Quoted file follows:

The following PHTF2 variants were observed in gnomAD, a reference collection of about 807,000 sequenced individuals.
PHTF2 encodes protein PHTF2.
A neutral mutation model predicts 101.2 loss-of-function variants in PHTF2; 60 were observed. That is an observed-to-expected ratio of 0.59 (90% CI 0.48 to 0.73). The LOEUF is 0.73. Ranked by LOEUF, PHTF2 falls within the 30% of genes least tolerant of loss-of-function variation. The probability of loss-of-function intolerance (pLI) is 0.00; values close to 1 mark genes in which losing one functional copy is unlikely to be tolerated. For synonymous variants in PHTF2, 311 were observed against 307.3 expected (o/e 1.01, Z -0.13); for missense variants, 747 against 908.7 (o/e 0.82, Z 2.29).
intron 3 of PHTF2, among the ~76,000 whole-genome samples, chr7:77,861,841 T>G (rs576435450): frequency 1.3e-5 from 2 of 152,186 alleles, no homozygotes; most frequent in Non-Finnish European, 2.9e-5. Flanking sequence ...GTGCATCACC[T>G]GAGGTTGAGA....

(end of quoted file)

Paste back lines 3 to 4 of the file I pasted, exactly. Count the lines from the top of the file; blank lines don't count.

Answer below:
A neutral mutation model predicts 101.2 loss-of-function variants in PHTF2; 60 were observed. That is an observed-to-expected ratio of 0.59 (90% CI 0.48 to 0.73). The LOEUF is 0.73. Ranked by LOEUF, PHTF2 falls within the 30% of genes least tolerant of loss-of-function variation. The probability of loss-of-function intolerance (pLI) is 0.00; values close to 1 mark genes in which losing one functional copy is unlikely to be tolerated. For synonymous variants in PHTF2, 311 were observed against 307.3 expected (o/e 1.01, Z -0.13); for missense variants, 747 against 908.7 (o/e 0.82, Z 2.29).
intron 3 of PHTF2, among the ~76,000 whole-genome samples, chr7:77,861,841 T>G (rs576435450): frequency 1.3e-5 from 2 of 152,186 alleles, no homozygotes; most frequent in Non-Finnish European, 2.9e-5. Flanking sequence ...GTGCATCACC[T>G]GAGGTTGAGA....